Vaccination against Human Papilloma Virus (HPV) was successfully introduced in the Danish childhood vaccination program in 2009 for girls aged 12 with coverage reaching approximately 90%. However, media attention focusing on vaccine safety resulted in a rapid drop in vaccination coverage from 2015. In May 2017, a national campaign “Stop HPV – stop cervical cancer” with aim to regain trust in the official HPV vaccine recommendation and to increase vaccination coverage, was launched. The primary target group of the campaign are mothers in doubt whether to HPV vaccinate their daughter. One of the main elements of the campaign is the social media strategy which includes a Facebook (FB) page “Stop HPV – stop cervical cancer”. New content is made for the page one or twice weekly with a wide range of different post styles used. The FB page is staffed throughout the week and every comment made on the FB page personally answered by the staff. The communication strategy used for the campaign is “heart-brain” with a strategy of communicating “brain” facts about safety and effectiveness of the vaccine while on the other hand telling narrative “heart” stories, such as personal stories of women with cervical cancer.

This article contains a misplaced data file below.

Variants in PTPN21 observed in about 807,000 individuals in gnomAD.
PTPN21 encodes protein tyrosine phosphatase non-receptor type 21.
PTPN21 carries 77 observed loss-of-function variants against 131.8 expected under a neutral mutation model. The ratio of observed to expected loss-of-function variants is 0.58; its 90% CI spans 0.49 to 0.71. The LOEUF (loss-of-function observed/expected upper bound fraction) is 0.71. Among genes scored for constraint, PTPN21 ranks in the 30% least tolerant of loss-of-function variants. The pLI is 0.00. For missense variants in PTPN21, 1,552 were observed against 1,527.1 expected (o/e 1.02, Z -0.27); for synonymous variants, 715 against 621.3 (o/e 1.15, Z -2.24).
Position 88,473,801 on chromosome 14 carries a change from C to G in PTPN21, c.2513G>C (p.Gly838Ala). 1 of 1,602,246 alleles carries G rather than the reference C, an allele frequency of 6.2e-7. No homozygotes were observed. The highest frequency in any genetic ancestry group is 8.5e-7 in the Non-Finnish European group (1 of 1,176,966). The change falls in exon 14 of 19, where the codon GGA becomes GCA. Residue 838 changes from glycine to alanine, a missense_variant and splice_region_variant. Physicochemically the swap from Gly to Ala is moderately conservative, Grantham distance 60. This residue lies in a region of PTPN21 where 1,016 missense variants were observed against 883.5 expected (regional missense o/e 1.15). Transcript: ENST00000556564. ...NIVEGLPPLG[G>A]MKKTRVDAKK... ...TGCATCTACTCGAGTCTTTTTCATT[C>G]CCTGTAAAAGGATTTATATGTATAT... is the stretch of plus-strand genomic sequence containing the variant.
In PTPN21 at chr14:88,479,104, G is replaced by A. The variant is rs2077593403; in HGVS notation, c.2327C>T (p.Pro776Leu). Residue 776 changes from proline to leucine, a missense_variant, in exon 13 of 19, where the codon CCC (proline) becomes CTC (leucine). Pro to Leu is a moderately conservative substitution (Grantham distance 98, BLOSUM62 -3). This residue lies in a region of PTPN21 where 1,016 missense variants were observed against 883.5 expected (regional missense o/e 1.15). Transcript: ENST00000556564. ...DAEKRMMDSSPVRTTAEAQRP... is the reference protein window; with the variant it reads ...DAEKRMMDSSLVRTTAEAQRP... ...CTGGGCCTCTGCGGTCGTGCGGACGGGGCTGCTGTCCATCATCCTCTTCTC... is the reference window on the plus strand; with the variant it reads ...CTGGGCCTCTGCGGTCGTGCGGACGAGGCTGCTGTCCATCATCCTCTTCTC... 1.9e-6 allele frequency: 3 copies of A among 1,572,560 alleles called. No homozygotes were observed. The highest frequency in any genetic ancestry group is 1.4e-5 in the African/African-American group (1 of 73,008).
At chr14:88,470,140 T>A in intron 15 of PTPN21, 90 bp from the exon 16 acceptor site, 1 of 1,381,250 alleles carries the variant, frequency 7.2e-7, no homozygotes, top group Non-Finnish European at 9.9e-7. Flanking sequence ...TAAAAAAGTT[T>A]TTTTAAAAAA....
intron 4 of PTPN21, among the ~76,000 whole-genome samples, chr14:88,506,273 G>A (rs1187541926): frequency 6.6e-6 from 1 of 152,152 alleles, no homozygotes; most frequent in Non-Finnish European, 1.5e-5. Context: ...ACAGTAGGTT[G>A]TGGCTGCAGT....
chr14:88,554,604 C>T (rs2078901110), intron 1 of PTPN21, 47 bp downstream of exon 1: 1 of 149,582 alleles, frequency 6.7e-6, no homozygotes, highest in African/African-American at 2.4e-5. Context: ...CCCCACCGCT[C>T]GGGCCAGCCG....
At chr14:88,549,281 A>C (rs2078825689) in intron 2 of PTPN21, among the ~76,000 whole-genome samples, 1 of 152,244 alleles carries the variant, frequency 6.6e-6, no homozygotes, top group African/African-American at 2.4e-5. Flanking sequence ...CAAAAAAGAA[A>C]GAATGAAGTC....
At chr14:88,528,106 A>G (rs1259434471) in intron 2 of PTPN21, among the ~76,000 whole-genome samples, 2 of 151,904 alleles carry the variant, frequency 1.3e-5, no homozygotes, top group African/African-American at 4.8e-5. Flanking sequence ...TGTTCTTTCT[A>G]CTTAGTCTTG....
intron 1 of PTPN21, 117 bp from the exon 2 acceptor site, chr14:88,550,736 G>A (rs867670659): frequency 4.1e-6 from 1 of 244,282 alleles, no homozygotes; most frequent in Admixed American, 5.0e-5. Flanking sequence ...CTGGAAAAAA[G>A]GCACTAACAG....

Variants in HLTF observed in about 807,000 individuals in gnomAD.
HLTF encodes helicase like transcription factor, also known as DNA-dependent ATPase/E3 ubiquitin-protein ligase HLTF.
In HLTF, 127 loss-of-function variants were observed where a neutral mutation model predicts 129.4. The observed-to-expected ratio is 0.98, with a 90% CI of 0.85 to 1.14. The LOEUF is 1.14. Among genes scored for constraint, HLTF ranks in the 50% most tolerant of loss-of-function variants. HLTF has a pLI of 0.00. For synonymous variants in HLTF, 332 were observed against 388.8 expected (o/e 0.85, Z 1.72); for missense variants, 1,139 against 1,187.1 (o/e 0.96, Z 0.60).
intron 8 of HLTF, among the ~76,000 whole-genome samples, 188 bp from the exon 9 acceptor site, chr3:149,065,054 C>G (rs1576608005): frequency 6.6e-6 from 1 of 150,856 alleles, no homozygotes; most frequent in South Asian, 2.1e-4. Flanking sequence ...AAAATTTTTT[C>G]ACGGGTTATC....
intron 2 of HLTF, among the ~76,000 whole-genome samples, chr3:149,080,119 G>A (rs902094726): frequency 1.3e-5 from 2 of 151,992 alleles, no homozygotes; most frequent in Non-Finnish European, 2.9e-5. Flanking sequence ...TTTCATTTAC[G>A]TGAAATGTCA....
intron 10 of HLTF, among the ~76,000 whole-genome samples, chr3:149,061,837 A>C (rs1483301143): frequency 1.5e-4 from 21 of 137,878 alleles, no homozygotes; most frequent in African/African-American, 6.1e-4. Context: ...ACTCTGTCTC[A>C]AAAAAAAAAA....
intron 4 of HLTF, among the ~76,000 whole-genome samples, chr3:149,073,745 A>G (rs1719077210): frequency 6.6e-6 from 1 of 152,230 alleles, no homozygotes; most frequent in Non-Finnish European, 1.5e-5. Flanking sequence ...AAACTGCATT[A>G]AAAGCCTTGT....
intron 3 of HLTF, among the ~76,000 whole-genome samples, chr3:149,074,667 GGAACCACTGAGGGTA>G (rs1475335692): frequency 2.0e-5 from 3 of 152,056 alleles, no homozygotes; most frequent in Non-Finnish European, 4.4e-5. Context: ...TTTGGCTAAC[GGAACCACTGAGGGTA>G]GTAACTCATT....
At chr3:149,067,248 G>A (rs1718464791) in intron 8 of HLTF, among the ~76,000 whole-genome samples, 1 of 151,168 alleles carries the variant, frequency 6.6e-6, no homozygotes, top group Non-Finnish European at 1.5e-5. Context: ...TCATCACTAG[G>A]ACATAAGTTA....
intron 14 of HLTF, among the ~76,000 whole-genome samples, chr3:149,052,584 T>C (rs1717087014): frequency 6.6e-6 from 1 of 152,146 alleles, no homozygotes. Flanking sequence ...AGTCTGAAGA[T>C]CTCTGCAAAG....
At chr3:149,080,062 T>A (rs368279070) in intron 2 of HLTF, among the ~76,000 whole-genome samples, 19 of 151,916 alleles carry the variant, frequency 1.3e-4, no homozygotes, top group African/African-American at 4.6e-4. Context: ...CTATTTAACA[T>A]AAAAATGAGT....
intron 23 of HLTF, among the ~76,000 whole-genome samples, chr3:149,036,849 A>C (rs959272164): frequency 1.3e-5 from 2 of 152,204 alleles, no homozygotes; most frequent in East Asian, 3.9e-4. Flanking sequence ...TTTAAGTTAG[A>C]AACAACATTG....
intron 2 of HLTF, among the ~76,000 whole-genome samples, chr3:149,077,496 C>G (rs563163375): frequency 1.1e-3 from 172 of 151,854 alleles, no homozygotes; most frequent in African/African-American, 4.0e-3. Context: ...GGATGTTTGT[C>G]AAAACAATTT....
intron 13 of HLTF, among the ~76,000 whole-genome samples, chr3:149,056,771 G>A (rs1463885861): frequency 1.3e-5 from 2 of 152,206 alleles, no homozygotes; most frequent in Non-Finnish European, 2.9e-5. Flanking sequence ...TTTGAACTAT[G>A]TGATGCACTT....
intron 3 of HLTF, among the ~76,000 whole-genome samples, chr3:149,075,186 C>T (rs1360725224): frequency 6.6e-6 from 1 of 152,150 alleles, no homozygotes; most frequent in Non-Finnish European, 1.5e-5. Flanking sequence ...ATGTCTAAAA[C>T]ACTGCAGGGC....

The strategy is in line with recommendations from World Health Organization (WHO) who acknowledge health communication related to vaccines is not only about telling facts, but also about eliciting emotions, creating trust and ensuring genuine understanding by the target group. Communicating on FB about the Childhood vaccination programme has not been used by the Danish Authorities before and there has been a keen interest to learn from the campaign initiative. To quantify and qualify the interaction on Facebook, engagement rates and sentiment analysis to the different types of FB posts have been evaluated and focus groups used to describe the preferred communication style. Data from the evaluation and the impact of the campaign will be presented at the workshop.